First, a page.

There was plenty of doom and gloom on the final day of the Association of the United States Army annual conference where a panel of officials, industry leaders and academics spelled out all the problems with the service’s research, development and acquisition enterprise.
At what point will Army readiness be compromised by sharp reductions in research, development and acquisition spending, a moderator on a panel asked Heidi Shyu, assistant secretary of the Army for acquisition, logistics and technology.
“We are already at that point,” she answered. Later, she said that the Army-owned manufacturing facilities were in a “death spiral.” R&D and acquisition accounts have dropped twice as fast as the Army top line budget over the past three years, she said. Parsing out the design and development accounts, the Army’s is now has the smallest budget of all the armed services.
“That is very disconcerting for our future,” she said Oct 15.
Overall budget reductions, last year’s government shutdown and furloughs of the civilian workforce, have all taken their tolls, she said.
Budget cuts do not equate to less work. They equate to more work as programs are strung out, Shyu said. That means more contracts have to be issued. Meanwhile, the vital contracting workforce is being “slashed and burned,” she said. One-third the budget does not mean the Army needs one-third the number of personnel to carry out the acquisition duties, she added.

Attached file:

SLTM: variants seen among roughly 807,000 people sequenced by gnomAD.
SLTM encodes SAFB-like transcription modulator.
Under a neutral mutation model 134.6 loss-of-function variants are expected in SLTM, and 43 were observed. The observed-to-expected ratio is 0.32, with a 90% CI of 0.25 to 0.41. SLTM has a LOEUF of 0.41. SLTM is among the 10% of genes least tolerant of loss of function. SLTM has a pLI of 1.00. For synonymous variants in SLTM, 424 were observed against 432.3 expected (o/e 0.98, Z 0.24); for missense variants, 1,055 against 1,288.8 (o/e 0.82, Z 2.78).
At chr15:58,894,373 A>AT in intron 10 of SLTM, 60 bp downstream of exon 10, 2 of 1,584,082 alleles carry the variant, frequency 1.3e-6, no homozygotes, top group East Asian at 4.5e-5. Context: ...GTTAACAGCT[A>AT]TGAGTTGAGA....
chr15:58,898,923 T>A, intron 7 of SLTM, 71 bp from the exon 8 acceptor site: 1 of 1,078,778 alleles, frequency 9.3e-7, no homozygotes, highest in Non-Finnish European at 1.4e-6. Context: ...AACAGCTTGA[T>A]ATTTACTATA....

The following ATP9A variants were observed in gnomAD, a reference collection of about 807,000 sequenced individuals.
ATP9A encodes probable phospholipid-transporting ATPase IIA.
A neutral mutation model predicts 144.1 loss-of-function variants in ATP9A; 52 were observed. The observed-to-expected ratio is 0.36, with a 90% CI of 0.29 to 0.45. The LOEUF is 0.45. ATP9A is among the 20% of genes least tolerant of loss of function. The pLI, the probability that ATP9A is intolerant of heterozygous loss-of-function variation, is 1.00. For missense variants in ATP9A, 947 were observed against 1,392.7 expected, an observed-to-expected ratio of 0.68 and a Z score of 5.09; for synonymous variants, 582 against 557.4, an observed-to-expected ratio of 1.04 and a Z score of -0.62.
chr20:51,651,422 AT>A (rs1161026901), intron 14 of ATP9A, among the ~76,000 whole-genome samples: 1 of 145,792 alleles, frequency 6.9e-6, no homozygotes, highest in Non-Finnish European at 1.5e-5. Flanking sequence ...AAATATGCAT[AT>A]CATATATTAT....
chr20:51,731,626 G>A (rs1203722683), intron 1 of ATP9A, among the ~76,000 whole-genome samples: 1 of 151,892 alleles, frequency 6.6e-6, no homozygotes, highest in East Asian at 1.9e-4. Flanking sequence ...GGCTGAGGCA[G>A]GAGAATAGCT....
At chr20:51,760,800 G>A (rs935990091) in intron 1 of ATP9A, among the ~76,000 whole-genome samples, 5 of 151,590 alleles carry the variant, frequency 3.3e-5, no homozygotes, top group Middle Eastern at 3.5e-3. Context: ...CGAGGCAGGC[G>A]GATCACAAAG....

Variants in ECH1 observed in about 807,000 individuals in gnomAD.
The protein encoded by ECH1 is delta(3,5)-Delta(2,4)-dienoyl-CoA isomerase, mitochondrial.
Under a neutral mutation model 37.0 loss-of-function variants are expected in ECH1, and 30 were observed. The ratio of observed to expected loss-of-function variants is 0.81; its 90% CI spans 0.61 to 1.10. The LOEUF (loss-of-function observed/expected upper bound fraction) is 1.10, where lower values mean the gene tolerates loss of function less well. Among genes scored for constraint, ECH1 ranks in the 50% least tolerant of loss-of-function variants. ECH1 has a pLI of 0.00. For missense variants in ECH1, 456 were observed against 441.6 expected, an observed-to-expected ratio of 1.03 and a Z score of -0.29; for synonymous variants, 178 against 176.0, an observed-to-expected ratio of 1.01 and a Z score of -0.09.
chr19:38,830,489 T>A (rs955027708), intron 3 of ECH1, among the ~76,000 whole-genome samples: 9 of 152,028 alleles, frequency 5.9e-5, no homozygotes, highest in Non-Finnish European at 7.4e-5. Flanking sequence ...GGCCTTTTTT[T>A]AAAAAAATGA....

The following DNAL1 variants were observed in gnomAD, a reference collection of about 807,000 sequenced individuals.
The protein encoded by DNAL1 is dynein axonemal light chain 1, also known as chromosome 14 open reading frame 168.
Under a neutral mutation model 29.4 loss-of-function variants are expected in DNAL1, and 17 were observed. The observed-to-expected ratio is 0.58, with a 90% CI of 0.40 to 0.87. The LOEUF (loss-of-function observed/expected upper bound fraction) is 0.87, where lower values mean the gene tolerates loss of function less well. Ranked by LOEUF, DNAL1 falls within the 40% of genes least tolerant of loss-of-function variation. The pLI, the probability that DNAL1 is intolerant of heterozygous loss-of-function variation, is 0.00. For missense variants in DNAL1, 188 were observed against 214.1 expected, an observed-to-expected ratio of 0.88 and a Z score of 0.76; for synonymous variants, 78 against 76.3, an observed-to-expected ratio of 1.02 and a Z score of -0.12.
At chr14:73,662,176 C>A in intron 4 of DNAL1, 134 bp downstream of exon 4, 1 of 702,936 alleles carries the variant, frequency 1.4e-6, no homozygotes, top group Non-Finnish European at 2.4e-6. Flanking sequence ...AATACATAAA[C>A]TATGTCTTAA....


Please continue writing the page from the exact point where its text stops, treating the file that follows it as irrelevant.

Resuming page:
With the possible return of sequestration in 2016, the Army might be writing two budgets. “It creates an enormous amount of additional work and churn on all the folks that we have in the acquisition workforce,” she said.
The furloughs had an “incredible impact on the civilian workforce’s morale,” she said. The attrition rate is increasing. “We are starting to lose people we don’t want to lose.”
As acquisition programs are stretched out, it causes more inefficiencies, Shyu noted. Purchasing items in smaller quantities equates to higher costs as opposed to buying in bulk. “It’s not better buying power. It’s much worse,” she said, referring to the Defense Department’s Better Buying Power 3.0 initiative.
The Army acquisition enterprise is being asked to deliver systems the Army needs but can’t currently do so in a timely manner, she said.
Because workloads are going down substantially in the organic industrial base — manufacturing carried out by government-owned plants — the rates the Army must pay are going up, she said. That results in fewer items that can be purchased.
“This is a death spiral that we’re in,” she said.
Congress won’t allow a Base Realignment and Closure process to reduce capacity, so there are few knobs the Army can turn, she added.
Lt. Gen. Patricia McQuistion, deputy commanding general and chief of staff of the Army Materiel Command, said the impact of budget cuts on AMC’s personnel “cannot be overstated.”
“It is having a significant impact on our people and their ability to do their work,” she said.
The budget slowdown means AMC is being given tasks to perform incrementally, which actually requires more work on the part of contracting specialists, McQuistion said. That creates headaches for industry as well, she noted.
“It really is the most inefficient way to do our operations,” she added.